WINNIPEG — A man who beheaded and cannibalized a fellow passenger on a Greyhound bus in Manitoba has won his bid to leave the grounds of the mental hospital where he is being kept.
A Criminal Code review board has ruled that Vince Li’s treatment team may grant him short escorted trips into Selkirk.
The review board says the passes will start at 30 minutes and increase incrementally to a maximum of full days.
The board also says the passes should only be granted if Li’s treatment team believes his condition is stable and that it would be “appropriate and safe for him to leave the locked ward.”
Li will have to be escorted at all times by a staff member and a security officer.
“It’s terrible. It’s disgusting,” Nadine McLean, the victim’s stepmother, said Thursday after she learned about the decision.
“It’s kind of a waste going to the review board every year when he’s going to get whatever he asks for.”
The passes can be issued starting May 24.
Li was found not criminally responsible for the July 2008 death of Tim McLean, a young carnival worker who was sitting next to Li on a bus near Portage la Prairie.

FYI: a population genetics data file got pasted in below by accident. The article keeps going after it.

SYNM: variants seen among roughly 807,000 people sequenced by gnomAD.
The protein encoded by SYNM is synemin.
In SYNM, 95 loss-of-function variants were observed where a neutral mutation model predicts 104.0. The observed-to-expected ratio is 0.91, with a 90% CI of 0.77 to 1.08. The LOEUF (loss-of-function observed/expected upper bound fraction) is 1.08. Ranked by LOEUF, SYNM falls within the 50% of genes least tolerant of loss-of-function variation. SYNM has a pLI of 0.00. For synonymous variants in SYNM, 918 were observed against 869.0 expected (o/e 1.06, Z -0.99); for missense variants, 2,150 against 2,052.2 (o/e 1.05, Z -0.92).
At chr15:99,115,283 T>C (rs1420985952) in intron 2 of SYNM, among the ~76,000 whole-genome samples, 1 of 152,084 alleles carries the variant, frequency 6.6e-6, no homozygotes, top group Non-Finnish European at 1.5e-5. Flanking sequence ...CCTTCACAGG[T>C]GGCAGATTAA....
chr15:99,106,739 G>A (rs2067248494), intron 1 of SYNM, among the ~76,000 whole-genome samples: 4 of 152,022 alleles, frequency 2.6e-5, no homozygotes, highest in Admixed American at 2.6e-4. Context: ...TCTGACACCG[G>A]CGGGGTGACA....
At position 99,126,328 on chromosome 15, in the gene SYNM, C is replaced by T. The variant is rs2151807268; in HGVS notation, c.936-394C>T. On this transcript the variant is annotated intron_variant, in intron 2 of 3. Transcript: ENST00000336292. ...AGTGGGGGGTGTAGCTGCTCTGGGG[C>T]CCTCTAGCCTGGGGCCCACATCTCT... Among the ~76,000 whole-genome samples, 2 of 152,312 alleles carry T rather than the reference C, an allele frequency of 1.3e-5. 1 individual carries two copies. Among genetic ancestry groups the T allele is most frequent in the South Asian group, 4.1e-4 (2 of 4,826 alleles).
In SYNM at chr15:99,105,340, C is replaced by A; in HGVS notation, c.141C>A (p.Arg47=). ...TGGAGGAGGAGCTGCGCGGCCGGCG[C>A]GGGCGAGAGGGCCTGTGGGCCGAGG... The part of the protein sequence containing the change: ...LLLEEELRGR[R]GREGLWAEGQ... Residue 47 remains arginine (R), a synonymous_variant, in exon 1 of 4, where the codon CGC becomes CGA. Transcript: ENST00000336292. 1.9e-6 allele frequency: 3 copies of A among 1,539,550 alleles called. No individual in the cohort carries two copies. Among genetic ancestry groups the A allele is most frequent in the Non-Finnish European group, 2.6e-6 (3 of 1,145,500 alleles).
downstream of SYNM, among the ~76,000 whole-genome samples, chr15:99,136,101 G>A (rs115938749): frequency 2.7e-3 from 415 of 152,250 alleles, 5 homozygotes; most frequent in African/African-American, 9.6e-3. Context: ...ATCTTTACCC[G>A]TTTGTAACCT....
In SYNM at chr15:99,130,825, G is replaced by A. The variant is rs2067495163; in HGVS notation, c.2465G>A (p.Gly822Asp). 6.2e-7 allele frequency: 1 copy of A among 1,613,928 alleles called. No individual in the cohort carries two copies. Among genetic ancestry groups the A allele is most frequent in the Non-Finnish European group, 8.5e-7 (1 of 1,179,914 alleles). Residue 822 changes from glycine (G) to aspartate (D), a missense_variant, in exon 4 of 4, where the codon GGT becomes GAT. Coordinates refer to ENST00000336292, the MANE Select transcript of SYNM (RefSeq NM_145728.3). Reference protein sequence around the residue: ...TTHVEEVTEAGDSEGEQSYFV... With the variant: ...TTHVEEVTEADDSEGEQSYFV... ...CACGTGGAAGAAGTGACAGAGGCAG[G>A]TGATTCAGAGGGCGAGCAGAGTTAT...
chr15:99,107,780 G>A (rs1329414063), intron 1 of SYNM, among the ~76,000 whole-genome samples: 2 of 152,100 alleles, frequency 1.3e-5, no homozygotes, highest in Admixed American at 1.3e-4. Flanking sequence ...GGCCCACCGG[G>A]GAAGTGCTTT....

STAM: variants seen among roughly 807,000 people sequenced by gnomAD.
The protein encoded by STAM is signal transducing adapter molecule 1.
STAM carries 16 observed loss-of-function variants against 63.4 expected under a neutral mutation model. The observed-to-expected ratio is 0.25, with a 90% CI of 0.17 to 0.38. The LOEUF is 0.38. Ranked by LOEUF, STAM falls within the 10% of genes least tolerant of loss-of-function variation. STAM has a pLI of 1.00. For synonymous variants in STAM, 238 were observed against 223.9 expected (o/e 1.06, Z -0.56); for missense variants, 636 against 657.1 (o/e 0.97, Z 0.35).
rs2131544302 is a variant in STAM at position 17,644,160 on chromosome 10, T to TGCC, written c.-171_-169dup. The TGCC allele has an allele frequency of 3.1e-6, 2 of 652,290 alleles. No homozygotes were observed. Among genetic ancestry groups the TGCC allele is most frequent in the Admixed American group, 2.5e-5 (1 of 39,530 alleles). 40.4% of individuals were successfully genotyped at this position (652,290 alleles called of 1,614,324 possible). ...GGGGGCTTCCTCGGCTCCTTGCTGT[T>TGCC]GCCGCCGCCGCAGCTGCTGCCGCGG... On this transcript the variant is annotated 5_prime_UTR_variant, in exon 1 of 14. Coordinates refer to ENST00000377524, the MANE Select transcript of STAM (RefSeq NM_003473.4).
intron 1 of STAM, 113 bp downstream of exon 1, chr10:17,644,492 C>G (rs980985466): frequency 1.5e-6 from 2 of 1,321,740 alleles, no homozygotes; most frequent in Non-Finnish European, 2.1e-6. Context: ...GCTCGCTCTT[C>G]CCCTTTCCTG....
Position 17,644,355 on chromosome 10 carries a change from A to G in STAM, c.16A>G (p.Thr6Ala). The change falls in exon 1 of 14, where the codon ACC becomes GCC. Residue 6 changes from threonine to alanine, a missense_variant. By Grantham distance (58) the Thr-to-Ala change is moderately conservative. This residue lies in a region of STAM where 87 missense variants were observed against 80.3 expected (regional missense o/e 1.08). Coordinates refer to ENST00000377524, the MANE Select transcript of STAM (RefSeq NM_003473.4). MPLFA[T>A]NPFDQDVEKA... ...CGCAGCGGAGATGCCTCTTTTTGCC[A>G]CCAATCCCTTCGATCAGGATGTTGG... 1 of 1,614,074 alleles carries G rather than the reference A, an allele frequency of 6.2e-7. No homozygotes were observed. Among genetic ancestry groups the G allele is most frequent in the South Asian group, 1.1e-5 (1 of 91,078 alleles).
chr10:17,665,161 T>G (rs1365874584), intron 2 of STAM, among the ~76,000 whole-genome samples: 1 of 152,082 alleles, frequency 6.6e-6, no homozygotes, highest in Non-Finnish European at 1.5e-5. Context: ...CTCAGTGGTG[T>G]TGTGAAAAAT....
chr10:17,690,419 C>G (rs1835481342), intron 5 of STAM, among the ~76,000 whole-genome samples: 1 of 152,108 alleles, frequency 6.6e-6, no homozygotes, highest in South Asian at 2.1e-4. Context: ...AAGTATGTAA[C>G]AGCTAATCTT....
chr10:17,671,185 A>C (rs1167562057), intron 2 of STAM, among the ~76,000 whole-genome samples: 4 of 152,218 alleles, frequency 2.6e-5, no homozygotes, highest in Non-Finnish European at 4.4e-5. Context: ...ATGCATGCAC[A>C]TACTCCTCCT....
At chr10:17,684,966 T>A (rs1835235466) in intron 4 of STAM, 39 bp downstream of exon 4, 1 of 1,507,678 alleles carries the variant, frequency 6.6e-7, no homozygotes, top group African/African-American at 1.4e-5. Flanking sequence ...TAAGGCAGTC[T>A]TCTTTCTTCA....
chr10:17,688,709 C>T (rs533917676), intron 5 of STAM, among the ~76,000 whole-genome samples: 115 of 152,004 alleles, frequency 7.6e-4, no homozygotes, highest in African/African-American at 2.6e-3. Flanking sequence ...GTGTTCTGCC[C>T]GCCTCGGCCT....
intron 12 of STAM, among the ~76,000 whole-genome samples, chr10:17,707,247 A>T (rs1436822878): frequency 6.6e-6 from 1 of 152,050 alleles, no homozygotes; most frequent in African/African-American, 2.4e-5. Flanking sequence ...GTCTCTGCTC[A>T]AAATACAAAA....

Li was initially confined to a locked wing of the Selkirk Mental Health Centre, but in 2010 was given the right to escorted walks on the hospital grounds.
Li’s psychiatrist says the 44-year-old has responded well to treatment and asked the review board earlier this week to let Li take trips into town.
The Crown did not oppose the idea, but the victim’s mother, Carol DeDelley, said Li should never be allowed out in public.
His step-mother, Nadine McLean, said
McLean had his eyes closed and was listening to music on his headphones when Li, a stranger who was sitting beside him, suddenly stood up and started stabbing him.
As the bus stopped and horrified passengers fled, Li carved up McLean’s body and ate portions of it.
Li’s trial was told he was an untreated schizophrenic.
His first walks on the hospital’s grounds were under the watchful eyes of two staff. But conditions imposed on Li are reviewed annually and, last year, the board ruled that Li could go outside with only one escort.
As part of this year’s review, Li’s psychiatrist, Dr. Steven Kremer, told the review board that there “is no evidence that (Li) harbours any delusional belief and … he recognizes he has schizophrenia.”
Kremer described Li as a model patient, who has shown no security risks and who has participated in treatment programs and taken up odd jobs at the hospital.